Having started his pro career in 2004, Charles Kahudi is among the true veterans of French basketball. A teenager back then, Kahudi progressed quickly to become a multiple medal-winner with the French national team last decade. That's when he met Tony Parker, the biggest basketball legend in France, who would soon became the owner and president of LDLC ASVEL Villeurbanne.
"My friendship with Tony started back with the national team," Kahudi recalls. "I joined the team in 2010 and I was kind of the underdog. I had had a good year and those were my first steps in the national team. They took me in and really helped me."
One of the players who guided Kahudi most was Parker.
"Over the years, we got closer and talked more," he said. "I learned about him and his family; he learned more about me and my family."
"I wanted to play in the EuroLeague"
That teammate relationship evolved into a friendship, and that friendship took a new turn when, in 2015, Parker asked Kahudi to join his project in Villeurbanne. Kahudi did not hesitate to grab the opportunity.
"I was looking for another challenge, he said, "especially because I wanted to play in the EuroLeague."
That was Parker's idea, as well, to take ASVEL back to the EuroLeague and make the club's name rise again in French and European basketball.
"That was my goal, too" says Kahudi. "I wanted to show myself that I was able to play against those EuroLeague guys. So the EuroLeague was our challenge."
Everything went according to plan as ASVEL won the 2015.16 French League. Unfortunately, due to the Euroleague Basketball-FIBA conflict, the club could not be a part of the EuroLeague that year. "It was a big frustration for him and for me," Kahudi said.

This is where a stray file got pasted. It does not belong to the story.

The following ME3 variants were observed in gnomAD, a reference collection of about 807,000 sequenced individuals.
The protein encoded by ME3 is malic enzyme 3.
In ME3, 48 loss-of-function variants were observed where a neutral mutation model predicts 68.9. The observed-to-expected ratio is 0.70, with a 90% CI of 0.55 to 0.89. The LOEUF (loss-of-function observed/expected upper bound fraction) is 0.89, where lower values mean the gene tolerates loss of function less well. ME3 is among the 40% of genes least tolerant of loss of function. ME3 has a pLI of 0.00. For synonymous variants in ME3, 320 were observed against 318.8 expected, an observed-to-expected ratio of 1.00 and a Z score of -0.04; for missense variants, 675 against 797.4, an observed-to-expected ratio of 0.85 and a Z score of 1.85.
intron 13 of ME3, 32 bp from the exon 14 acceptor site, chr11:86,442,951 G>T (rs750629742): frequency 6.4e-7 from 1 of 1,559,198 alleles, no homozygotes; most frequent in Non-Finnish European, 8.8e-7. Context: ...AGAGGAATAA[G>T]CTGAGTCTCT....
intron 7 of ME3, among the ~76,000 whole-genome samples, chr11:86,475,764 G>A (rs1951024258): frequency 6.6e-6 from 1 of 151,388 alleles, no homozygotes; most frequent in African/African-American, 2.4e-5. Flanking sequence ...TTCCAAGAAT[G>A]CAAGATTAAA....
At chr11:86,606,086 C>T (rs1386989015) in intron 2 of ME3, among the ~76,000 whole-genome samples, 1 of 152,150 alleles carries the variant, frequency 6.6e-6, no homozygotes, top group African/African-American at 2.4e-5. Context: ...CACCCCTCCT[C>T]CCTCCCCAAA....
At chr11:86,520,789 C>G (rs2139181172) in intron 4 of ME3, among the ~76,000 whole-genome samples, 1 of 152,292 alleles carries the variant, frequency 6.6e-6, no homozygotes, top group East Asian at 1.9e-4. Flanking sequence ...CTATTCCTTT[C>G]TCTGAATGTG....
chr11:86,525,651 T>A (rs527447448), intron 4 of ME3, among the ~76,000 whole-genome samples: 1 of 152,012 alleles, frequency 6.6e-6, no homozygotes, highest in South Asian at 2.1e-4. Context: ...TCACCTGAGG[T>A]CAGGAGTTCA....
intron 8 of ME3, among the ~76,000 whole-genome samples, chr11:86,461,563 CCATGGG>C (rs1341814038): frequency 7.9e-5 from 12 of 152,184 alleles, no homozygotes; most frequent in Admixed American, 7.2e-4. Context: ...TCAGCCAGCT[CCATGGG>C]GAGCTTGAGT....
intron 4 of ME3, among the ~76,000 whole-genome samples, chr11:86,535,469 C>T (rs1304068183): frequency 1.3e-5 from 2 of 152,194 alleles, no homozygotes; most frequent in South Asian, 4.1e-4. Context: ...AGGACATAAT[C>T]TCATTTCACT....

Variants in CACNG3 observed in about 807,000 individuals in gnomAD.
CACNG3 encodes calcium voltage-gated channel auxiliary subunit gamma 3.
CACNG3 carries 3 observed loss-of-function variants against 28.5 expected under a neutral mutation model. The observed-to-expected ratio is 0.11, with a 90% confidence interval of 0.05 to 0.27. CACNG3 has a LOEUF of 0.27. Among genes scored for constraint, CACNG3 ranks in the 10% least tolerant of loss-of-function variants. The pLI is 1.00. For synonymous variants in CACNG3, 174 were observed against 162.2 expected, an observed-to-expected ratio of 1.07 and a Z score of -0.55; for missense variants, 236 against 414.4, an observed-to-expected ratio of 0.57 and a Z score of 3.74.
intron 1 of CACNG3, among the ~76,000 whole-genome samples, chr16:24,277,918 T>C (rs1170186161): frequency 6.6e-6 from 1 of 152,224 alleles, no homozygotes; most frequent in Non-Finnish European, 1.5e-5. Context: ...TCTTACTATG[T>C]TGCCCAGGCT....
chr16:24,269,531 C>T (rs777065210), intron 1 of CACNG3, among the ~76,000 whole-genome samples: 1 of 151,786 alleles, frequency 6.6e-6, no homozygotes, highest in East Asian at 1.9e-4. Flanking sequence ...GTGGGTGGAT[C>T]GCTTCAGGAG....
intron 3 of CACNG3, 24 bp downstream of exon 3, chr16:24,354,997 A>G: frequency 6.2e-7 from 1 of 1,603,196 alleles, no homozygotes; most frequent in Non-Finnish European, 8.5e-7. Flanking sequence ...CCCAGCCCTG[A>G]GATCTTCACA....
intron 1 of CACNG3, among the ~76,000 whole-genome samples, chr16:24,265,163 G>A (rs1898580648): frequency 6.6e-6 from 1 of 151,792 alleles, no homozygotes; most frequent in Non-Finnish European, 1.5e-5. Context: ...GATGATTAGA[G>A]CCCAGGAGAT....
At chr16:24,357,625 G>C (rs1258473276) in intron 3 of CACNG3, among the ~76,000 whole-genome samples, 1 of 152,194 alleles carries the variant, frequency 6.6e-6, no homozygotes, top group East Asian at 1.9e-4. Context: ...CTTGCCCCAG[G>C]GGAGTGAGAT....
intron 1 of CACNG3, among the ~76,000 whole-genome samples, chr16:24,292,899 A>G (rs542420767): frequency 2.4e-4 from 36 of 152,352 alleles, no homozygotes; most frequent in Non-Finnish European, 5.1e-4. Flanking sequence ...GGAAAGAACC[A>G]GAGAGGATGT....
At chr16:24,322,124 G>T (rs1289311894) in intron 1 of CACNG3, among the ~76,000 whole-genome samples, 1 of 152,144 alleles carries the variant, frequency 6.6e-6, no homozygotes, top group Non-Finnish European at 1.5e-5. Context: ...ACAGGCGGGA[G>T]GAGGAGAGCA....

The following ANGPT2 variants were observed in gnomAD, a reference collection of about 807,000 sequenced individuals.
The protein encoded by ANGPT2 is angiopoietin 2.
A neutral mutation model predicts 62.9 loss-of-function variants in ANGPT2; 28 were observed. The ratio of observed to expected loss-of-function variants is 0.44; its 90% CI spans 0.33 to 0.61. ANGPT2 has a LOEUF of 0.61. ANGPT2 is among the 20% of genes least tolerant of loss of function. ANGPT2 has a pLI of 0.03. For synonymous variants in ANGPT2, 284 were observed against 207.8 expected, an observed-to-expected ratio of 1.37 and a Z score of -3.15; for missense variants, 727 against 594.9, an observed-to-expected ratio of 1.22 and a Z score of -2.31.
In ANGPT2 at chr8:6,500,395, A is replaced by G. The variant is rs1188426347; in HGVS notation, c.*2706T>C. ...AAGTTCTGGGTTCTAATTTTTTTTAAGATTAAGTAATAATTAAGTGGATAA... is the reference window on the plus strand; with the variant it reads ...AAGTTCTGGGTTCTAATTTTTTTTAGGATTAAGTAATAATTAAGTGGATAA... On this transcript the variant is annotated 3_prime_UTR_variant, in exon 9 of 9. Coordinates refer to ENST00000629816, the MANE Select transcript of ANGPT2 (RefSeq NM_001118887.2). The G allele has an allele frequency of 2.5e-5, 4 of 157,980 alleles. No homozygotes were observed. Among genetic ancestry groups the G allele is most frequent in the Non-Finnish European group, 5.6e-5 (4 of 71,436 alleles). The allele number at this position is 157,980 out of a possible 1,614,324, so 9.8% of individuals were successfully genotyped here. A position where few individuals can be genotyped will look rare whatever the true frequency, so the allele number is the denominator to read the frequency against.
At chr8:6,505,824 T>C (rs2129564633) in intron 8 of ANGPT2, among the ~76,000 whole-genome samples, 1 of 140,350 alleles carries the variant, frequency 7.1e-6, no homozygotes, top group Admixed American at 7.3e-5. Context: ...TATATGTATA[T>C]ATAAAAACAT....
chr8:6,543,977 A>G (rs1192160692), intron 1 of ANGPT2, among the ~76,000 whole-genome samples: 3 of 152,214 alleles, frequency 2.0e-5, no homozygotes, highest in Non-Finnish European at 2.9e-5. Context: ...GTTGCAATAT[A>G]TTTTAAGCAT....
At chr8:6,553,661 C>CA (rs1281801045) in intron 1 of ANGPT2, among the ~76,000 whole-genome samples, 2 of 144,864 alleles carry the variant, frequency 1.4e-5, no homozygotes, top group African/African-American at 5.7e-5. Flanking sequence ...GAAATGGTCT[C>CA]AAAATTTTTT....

The ASVEL project seemed to stall for a little while, and Kahudi even had thoughts of leaving the team, but it was Parker, again, who got him to stay.
"I wanted to leave because I wanted a challenge other than ASVEL, maybe outside of Europe," Kahudi says. "But I obviously was not going without my family. We talked at home and we decided to stay put in Lyon because the job was not done. I wanted to play the EuroLeague."
One of the key factors in Kahudi's new stint at ASVEL was that Parker wanted to integrate him more in the structure of the club.
"I stay in my lane, but we like to discuss about the team, the temperature of the situation," he says. "Tony likes the feedback, how the team feels, a lot. On the court or in the offices, I talk to a lot of people around here and then I take my impressions to him. I try to be a link, when I can, between the team, staff, offices... I want to show I am involved."
"I love to ask questions, all kinds of questions. And I always expect answers," Kahudi adds with a laugh.
Now 34, with 16 years as a pro behind him, Kahudi's playing career is in its late stages. It's only natural that he would think about how to parlay his veteran's role at ASVEL into a post-playing career in basketball.
"I love to ask questions, all kinds of questions."
"Of course, this part of managing people and environments... I am the team captain, so I am already doing that!" he says. "We have young people, we have to keep egos in check. We set rules and boundaries to feel good and live good together. This is also a big part of personnel managing."
The ASVEL organization is keen on listening to its players' suggestions. Kahudi's his role in that interaction and his relationship with Parker plays a key part in that process.
"Tony grew up as a player with the [San Antonio] Spurs, and he wanted to do the same kind of thing here in ASVEL that he had there," Kahudi says. "With the Spurs, they had players, key figures, who helped with that. He was obviously one of those players and that is what he tried to do with me here in this team."